Available on desktop and mobile, the app puts a 3D avatar to work by demonstrating signs to help people learn signing vocabulary and practise it in conversation. With the help of the Microsoft Azure Learning Machine, the team integrated the AI model built using technology for sign recognition into Sign2Sign app effortlessly. The app provides real-time feedback for users to have two-way signing conversations through a screen, while watching themselves sign so they have a wider perspective on their progress.

To build the app, the team worked with Azure services, incorporating React. When it came time to train their AI, they also found that there isn’t enough data points and variation for each sign within the sign language. As a result, the team decided to generate their own data manually so they could increase the number of samples and variation of each sign – which helped improve the accuracy of the app.

To get their app up to speed, they adopted a quick experimentation approach, trying out several approaches and building several small prototypes for testing. They made use of Azure App Services for mobile and web, as well as Azure Machine Learning. Their agile approach also enabled them to make edits quickly for faster improvement. The team also learned to be proactive in consulting domain experts for advice on larger issues.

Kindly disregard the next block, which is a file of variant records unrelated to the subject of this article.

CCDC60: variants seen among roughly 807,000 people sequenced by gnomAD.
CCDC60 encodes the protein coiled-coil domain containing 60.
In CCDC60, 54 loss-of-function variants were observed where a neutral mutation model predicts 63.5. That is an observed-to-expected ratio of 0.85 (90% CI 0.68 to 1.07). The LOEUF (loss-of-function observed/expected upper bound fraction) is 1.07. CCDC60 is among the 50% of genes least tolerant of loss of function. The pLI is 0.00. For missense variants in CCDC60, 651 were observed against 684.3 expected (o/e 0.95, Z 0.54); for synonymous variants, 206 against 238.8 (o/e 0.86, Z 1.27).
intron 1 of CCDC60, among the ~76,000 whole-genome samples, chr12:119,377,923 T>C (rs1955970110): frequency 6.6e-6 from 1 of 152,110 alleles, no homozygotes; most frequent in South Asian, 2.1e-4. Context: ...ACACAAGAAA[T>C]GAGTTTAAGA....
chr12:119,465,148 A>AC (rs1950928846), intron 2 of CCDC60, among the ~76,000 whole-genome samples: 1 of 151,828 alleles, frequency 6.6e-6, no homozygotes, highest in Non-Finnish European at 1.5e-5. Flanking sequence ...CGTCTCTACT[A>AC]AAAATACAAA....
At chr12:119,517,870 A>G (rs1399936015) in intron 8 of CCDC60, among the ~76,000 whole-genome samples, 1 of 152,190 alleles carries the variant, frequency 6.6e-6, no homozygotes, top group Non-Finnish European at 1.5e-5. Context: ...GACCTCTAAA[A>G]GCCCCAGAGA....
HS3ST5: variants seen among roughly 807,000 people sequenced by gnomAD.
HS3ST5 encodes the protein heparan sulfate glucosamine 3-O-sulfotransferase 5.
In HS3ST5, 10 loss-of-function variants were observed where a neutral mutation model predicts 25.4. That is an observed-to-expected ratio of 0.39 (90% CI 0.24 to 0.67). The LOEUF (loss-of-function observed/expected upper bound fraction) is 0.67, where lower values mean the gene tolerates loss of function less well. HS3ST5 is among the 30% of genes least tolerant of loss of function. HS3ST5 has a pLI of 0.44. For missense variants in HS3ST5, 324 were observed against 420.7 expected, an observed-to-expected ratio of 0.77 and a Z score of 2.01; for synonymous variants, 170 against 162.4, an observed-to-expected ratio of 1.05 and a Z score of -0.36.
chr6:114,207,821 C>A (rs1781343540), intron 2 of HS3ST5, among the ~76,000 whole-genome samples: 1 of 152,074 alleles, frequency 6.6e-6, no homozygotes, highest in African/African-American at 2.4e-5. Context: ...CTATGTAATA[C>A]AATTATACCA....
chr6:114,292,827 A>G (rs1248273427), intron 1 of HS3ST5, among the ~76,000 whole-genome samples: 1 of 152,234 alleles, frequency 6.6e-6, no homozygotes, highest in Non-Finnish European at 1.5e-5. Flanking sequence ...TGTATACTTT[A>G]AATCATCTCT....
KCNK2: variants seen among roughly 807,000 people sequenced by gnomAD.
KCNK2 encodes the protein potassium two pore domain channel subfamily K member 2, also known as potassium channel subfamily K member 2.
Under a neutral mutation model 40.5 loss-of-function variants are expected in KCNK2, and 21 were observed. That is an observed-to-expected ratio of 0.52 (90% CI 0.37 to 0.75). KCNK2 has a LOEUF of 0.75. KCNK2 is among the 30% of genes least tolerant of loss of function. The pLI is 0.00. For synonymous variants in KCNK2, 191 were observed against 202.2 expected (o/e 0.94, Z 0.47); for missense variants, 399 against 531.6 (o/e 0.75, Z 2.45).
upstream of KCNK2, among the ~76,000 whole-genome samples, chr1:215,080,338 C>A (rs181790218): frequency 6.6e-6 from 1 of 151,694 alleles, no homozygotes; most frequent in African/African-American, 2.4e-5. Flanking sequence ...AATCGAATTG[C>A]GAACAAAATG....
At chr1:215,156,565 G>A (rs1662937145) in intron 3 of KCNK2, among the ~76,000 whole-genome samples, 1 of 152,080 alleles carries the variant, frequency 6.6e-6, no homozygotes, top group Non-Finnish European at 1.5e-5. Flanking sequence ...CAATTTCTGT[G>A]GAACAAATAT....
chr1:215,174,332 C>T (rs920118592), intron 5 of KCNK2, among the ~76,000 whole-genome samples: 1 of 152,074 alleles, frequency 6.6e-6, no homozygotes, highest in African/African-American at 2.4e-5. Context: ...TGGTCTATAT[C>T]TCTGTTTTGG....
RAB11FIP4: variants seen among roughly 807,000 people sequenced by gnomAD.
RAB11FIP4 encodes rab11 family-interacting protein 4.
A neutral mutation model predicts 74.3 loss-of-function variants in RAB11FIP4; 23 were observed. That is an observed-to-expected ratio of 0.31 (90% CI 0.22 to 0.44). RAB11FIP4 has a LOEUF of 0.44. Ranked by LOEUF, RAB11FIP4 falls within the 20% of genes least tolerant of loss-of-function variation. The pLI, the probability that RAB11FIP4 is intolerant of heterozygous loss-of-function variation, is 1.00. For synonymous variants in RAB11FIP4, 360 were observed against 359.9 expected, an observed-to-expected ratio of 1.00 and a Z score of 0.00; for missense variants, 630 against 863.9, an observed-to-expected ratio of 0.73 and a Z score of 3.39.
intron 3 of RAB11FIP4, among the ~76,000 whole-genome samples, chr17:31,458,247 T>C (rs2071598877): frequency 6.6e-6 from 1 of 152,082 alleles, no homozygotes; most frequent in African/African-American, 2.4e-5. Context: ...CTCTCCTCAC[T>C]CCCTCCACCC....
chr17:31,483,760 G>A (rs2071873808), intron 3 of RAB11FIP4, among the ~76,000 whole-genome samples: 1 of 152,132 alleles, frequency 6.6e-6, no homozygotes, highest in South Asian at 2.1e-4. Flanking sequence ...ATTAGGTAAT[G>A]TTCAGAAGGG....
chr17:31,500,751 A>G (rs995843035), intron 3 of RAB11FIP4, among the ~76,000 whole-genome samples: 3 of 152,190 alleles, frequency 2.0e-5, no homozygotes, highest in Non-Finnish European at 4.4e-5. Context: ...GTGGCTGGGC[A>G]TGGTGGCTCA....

The Race to Imagine Cup

Team Sign2Sign rose to victory for the Lifestyle category out of tens of thousands of students from over 160 countries who registered for Imagine Cup 2022 and was one of 48 teams which advanced to the World Finals. They were awarded USD2,500 in cash and USD2,500 in Azure credits to continue building their app.

For two decades, Microsoft’s annual Imagine Cup has seen over 2 million students from 160 countries compete for prizes including training, mentorship, technology, publicity and cash.

Seeking to ignite a fire that inspires students to put their imagination and passion for technology to use, the competition aims to empower a new generation of developers and creators as they ignite new tech innovation and create solutions that tackle global problems.

Ahead on the Horizon

Team Sign2Sign plans to continue working with Microsoft Azure, while collaborating with more external organizations to further develop their sign language lesson plans. They also plan to expand their app to include other sign languages, including Singapore Sign Language.

“No one should be excluded in conversations, regardless of their ability to hear and speak. We hope that our app can provide a solution for users to learn sign language easily, anywhere and anytime, to create a more inclusive society,” says Richardson.


Held annually since 2003, the Microsoft Imagine Cup is the world’s premier student technology competition, affectionately known by participants as the “Olympics of student technology competitions”. This year’s Imagine Cup encouraged participants to “Dream it. Build it. Live it” and create applications that shape how individuals live, work and play and through their creativity, passion and knowledge of technology. 

For more information about Imagine Cup, please visit